Use a spatula to scrape about 1/3 of the beaten egg whites onto the mascarpone mixture. Use a whisk to incorporate the whites. This lightens the mascarpone cream a bit so that you can more easily fold the remaining whites into it. Scrape the rest of the beaten whites onto the mascarpone cream. Use a rubber or silicone spatula to fold the whites into the cream. Don’t panic! While it sounds futzy, it’s really easy to fold egg whites into heavier mixtures. The best way to do this is to picture your mixing bowl as a clock. Insert the spatula, blade side down, into the center of the mixture and gently plunge it to the bottom of the bowl. Pull the spatula back toward six o’clock. When you hit the edge of the bowl, rotate the spatula so that the flat part scrapes against the bowl. Turn the spatula back blade side up at a 45-degree angle. Lift the spatula, and the contents on top of it and gently turn it over. Rotate the bowl about 15 minutes (a quarter turn) and repeat until there are no little white ‘clumps’ of egg white remaining. By this point, you should have an even, creamy and fluffy mascarpone cream. Place this, lightly covered, into the refrigerator until you’re ready to proceed (but no longer than an hour in advance!)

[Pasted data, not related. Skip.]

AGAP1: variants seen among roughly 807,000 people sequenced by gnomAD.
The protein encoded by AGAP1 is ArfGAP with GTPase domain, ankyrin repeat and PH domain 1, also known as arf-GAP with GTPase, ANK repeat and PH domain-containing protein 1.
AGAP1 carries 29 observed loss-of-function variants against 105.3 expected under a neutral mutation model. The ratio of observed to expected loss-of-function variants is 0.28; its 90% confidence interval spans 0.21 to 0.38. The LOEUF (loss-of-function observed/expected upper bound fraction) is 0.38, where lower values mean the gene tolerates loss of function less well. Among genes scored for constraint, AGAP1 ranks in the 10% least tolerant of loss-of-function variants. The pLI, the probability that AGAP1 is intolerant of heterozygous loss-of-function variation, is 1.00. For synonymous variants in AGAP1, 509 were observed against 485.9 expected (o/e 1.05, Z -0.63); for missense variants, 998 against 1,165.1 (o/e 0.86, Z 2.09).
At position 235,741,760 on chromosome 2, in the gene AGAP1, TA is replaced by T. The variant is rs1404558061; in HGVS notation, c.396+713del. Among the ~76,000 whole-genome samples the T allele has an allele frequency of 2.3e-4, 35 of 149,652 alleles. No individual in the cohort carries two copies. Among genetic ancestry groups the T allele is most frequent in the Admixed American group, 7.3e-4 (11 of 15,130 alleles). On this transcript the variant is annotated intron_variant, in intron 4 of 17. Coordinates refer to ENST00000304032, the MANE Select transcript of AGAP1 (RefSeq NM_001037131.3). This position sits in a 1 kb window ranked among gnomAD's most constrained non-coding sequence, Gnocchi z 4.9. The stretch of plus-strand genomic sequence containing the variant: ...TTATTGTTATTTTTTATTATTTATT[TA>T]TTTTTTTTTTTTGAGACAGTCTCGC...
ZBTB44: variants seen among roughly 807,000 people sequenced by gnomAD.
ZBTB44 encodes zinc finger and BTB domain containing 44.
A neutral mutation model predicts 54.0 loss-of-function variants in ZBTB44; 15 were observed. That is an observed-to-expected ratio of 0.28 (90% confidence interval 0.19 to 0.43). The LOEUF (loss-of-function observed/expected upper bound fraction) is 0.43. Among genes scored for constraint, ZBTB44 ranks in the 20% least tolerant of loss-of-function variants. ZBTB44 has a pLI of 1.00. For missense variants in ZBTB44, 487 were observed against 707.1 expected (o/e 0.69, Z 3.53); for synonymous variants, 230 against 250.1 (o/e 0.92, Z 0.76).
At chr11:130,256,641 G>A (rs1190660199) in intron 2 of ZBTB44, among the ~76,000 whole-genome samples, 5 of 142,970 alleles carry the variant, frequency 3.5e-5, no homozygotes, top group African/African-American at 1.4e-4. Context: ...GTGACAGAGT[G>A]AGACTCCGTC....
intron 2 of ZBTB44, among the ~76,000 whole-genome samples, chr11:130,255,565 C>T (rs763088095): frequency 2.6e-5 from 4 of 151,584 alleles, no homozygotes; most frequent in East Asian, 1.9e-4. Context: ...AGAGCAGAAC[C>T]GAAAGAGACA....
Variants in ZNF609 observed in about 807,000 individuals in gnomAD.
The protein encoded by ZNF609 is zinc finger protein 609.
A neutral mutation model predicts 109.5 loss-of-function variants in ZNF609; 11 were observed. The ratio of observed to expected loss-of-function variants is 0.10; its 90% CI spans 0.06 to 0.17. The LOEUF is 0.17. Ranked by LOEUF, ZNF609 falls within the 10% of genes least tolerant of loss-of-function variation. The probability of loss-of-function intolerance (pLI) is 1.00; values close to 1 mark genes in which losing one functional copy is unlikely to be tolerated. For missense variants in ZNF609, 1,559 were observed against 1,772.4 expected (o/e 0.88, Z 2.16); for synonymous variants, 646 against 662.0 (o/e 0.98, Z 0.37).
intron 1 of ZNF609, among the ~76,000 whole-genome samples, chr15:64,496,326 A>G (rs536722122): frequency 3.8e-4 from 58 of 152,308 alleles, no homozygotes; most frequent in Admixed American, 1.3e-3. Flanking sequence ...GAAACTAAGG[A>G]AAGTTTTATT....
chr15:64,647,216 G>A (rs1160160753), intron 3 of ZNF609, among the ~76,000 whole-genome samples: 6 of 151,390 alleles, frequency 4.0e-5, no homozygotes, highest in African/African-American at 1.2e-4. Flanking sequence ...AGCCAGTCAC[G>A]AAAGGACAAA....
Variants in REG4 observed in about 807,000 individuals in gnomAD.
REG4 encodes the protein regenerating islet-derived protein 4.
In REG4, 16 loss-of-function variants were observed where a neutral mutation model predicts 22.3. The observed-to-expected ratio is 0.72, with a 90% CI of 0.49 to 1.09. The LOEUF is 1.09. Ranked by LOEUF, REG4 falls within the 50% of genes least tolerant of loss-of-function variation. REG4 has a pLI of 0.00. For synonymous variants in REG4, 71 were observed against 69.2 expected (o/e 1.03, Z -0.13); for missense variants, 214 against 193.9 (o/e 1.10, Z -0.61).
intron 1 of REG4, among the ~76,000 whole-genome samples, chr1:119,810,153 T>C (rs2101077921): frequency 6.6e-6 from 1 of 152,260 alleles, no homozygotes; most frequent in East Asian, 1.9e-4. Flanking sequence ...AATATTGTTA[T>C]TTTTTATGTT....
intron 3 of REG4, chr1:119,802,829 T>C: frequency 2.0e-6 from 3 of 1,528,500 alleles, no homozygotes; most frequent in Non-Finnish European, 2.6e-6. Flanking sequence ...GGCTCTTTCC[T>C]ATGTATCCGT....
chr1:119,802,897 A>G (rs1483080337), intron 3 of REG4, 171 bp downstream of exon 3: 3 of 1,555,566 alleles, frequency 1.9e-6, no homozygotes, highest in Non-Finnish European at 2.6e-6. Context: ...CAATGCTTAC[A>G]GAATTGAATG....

4. Time to assemble! Plunge the ladyfinger cookies, one at a time, into ‘The Dunk’ and count to 2. Lift for an additional 2-count to let extra syrup drip away and then arrange cookies snugly over the bottom of your trifle dish or serving dish. Scoop about 1/4 of the blueberry compote onto the ladyfingers and spread toward the edges. Top with 1/4 of the mascarpone cream and spread toward the edges. Repeat the layers -dunked ladyfingers, blueberry compote, mascarpone cream- until you run out of one item or space to fill. Tightly cover the dish and refrigerate for at least 2 hours prior to serving.
5. The payoff: time to eat! Scoop into serving dishes and eat as is or garnish with fresh blueberries and orange zest.